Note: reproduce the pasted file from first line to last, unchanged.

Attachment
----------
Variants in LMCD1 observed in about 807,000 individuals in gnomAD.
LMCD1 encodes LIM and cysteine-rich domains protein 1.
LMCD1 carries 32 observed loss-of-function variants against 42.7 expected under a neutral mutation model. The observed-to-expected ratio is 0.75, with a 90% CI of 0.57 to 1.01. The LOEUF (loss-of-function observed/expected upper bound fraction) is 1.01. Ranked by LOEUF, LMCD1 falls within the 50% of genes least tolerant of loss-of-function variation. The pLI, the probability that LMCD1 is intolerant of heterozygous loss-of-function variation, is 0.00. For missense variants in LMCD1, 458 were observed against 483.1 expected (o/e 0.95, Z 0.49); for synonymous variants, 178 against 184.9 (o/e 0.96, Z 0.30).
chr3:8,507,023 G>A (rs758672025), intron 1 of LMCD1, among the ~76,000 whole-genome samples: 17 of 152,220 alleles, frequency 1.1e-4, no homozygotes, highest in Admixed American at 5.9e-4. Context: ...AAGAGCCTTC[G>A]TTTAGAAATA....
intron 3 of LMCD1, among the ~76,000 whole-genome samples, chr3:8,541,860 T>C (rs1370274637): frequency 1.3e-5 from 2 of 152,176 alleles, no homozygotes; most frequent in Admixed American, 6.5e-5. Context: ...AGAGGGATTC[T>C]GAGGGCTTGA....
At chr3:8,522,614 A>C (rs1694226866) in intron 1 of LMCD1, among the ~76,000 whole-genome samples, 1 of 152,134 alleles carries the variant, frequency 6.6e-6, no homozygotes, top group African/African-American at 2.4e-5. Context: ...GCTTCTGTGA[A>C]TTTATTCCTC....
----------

Variants in LMCD1 observed in about 807,000 individuals in gnomAD.
LMCD1 encodes LIM and cysteine-rich domains protein 1.
LMCD1 carries 32 observed loss-of-function variants against 42.7 expected under a neutral mutation model. The observed-to-expected ratio is 0.75, with a 90% CI of 0.57 to 1.01. The LOEUF (loss-of-function observed/expected upper bound fraction) is 1.01. Ranked by LOEUF, LMCD1 falls within the 50% of genes least tolerant of loss-of-function variation. The pLI, the probability that LMCD1 is intolerant of heterozygous loss-of-function variation, is 0.00. For missense variants in LMCD1, 458 were observed against 483.1 expected (o/e 0.95, Z 0.49); for synonymous variants, 178 against 184.9 (o/e 0.96, Z 0.30).
chr3:8,507,023 G>A (rs758672025), intron 1 of LMCD1, among the ~76,000 whole-genome samples: 17 of 152,220 alleles, frequency 1.1e-4, no homozygotes, highest in Admixed American at 5.9e-4. Context: ...AAGAGCCTTC[G>A]TTTAGAAATA....
intron 3 of LMCD1, among the ~76,000 whole-genome samples, chr3:8,541,860 T>C (rs1370274637): frequency 1.3e-5 from 2 of 152,176 alleles, no homozygotes; most frequent in Admixed American, 6.5e-5. Context: ...AGAGGGATTC[T>C]GAGGGCTTGA....
At chr3:8,522,614 A>C (rs1694226866) in intron 1 of LMCD1, among the ~76,000 whole-genome samples, 1 of 152,134 alleles carries the variant, frequency 6.6e-6, no homozygotes, top group African/African-American at 2.4e-5. Context: ...GCTTCTGTGA[A>C]TTTATTCCTC....